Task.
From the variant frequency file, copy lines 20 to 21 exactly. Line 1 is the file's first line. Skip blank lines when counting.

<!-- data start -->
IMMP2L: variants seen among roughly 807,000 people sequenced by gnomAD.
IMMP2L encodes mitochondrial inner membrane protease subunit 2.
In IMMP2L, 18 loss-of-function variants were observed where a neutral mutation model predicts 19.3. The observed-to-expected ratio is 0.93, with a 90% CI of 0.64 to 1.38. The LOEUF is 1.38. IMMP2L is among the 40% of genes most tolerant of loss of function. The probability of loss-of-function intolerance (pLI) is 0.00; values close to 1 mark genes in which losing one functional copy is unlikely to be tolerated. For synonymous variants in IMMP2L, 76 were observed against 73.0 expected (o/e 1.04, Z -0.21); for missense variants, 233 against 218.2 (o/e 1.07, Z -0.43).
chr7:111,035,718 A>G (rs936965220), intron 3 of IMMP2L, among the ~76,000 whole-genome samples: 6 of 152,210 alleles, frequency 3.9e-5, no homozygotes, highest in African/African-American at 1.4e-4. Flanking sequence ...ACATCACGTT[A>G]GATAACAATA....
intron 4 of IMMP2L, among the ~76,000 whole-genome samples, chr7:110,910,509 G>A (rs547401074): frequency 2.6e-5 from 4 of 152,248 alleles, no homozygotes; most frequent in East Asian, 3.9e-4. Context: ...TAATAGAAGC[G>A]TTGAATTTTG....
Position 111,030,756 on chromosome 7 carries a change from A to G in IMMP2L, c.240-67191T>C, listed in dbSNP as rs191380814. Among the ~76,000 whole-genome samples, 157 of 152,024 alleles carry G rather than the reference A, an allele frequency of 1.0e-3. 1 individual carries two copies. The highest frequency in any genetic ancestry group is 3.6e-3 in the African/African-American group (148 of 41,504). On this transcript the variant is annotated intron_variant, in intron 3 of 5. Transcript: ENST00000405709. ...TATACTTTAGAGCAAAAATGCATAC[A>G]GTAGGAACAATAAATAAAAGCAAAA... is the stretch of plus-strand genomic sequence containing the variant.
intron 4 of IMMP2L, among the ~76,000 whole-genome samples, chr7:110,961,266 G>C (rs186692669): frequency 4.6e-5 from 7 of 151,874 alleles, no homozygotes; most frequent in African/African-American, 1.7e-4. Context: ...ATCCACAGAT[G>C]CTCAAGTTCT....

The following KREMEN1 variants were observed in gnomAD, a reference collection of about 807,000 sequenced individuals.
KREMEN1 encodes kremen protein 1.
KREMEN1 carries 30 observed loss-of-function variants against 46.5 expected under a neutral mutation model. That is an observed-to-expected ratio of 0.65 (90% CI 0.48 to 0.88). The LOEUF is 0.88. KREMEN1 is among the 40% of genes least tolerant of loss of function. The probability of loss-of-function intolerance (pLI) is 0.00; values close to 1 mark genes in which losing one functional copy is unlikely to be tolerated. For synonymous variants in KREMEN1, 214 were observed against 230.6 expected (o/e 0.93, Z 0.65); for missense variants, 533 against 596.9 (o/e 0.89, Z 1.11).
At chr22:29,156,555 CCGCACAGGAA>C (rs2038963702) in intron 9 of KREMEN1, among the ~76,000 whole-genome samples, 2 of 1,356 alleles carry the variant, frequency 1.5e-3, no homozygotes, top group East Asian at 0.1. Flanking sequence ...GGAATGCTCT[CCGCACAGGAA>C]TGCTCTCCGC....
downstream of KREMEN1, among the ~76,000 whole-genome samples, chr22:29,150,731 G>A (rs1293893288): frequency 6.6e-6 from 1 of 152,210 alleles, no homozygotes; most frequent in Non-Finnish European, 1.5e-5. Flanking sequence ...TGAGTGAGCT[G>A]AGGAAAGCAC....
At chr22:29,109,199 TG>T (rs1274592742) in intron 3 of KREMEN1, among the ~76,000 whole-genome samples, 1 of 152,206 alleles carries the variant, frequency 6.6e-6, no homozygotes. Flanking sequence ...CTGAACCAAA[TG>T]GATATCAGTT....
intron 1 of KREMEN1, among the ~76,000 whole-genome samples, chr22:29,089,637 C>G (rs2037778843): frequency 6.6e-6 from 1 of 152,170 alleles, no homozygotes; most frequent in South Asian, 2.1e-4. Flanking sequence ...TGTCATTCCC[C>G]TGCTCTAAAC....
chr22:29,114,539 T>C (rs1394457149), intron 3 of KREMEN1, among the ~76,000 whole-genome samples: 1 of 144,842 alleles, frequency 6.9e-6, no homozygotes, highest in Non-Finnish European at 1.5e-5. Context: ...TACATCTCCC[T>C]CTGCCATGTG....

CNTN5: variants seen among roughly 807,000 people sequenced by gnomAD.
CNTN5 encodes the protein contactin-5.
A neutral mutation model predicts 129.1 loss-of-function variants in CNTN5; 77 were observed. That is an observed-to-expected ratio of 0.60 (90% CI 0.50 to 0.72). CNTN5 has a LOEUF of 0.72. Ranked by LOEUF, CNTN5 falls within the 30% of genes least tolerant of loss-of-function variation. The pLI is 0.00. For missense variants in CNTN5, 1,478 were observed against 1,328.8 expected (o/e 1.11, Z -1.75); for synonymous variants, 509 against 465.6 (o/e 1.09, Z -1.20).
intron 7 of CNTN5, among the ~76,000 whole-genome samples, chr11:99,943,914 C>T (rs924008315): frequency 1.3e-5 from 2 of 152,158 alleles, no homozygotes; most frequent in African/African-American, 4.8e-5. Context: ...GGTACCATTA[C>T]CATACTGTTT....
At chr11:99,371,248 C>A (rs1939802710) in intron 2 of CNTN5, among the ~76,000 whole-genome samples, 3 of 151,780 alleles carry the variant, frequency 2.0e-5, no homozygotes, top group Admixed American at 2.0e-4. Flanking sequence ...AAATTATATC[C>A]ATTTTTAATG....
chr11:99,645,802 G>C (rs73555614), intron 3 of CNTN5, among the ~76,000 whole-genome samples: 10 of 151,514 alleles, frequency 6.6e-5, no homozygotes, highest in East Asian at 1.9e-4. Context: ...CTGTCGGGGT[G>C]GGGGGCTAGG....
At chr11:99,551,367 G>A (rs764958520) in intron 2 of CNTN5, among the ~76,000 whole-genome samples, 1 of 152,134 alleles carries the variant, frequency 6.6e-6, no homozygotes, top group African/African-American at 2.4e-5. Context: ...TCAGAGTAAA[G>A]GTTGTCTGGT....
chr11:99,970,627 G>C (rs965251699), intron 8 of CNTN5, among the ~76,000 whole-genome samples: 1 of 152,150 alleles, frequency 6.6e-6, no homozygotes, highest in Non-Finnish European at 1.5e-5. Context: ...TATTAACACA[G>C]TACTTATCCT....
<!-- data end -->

At chr11:99,371,248 C>A (rs1939802710) in intron 2 of CNTN5, among the ~76,000 whole-genome samples, 3 of 151,780 alleles carry the variant, frequency 2.0e-5, no homozygotes, top group Admixed American at 2.0e-4. Flanking sequence ...AAATTATATC[C>A]ATTTTTAATG....
chr11:99,645,802 G>C (rs73555614), intron 3 of CNTN5, among the ~76,000 whole-genome samples: 10 of 151,514 alleles, frequency 6.6e-5, no homozygotes, highest in East Asian at 1.9e-4. Context: ...CTGTCGGGGT[G>C]GGGGGCTAGG....